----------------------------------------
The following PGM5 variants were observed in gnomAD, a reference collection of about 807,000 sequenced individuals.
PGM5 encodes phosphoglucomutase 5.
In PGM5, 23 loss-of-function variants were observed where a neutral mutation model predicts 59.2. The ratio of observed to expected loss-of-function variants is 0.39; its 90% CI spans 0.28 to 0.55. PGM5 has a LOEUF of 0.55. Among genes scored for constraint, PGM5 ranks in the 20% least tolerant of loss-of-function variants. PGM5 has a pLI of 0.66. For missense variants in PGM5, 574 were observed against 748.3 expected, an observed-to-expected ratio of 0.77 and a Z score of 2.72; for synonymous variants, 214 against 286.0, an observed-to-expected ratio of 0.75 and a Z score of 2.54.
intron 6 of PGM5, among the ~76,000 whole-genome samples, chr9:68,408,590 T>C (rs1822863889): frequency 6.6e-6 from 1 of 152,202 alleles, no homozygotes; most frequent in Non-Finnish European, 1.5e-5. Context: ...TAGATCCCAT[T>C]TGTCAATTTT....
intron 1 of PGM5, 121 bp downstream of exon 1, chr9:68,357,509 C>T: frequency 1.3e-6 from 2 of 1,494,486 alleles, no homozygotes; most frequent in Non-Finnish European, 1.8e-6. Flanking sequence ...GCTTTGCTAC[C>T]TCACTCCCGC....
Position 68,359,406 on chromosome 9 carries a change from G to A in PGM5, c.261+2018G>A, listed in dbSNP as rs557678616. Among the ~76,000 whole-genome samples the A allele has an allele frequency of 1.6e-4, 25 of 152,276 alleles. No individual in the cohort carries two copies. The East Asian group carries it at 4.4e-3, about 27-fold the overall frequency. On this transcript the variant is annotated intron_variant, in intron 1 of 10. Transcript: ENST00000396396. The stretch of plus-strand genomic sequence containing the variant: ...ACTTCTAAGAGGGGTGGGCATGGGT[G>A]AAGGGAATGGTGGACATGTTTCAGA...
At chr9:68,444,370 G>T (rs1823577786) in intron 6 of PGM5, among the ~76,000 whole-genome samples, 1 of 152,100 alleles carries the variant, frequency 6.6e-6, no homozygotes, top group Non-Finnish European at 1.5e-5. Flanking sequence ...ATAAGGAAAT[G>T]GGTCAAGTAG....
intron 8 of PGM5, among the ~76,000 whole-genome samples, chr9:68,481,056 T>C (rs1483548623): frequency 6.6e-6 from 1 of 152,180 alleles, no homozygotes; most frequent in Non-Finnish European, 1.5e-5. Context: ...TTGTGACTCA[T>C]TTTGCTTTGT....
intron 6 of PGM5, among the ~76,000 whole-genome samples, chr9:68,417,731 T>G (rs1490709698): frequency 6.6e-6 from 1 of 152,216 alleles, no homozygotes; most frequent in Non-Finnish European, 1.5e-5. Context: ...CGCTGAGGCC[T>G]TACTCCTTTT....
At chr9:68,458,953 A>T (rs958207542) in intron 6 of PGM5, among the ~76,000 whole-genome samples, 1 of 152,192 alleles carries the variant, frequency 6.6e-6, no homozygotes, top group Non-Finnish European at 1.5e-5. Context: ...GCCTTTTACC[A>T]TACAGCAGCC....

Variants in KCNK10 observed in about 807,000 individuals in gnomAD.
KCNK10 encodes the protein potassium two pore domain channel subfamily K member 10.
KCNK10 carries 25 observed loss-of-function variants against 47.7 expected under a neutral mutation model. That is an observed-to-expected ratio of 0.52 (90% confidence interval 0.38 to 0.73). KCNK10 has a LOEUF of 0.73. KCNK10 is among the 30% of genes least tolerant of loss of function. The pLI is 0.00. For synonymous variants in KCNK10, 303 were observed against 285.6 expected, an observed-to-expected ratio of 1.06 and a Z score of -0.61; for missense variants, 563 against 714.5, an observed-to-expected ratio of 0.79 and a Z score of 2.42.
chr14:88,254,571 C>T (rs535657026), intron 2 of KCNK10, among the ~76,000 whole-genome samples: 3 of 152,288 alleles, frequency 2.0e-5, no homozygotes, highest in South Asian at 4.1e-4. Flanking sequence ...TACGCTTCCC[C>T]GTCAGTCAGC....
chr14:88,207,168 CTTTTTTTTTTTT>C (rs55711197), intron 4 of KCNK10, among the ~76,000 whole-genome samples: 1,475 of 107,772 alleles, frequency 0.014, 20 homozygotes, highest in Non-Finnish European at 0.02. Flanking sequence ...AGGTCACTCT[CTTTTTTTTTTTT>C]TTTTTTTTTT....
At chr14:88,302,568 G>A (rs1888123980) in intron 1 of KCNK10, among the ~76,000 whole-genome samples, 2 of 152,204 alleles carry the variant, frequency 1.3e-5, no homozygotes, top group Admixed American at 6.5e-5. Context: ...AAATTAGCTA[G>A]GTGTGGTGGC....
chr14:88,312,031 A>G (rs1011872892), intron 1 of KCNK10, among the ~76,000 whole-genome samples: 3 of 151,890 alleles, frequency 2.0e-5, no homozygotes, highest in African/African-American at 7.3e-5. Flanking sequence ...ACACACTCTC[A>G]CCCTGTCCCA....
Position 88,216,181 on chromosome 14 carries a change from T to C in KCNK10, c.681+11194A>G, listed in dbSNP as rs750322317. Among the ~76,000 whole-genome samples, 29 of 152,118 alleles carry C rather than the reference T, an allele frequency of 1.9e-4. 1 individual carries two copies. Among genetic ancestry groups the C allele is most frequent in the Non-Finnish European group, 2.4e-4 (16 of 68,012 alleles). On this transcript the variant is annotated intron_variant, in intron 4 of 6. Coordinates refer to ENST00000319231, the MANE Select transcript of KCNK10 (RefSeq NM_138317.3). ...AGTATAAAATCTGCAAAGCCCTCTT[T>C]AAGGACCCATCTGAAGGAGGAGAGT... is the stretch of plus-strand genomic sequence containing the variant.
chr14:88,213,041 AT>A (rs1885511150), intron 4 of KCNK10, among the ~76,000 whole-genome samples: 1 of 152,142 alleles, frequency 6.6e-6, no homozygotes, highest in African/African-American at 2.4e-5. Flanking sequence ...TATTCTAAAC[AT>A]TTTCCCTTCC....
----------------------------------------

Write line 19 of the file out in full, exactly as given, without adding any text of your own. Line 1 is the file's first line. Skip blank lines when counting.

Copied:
chr14:88,213,041 AT>A (rs1885511150), intron 4 of KCNK10, among the ~76,000 whole-genome samples: 1 of 152,142 alleles, frequency 6.6e-6, no homozygotes, highest in African/African-American at 2.4e-5. Flanking sequence ...TATTCTAAAC[AT>A]TTTCCCTTCC....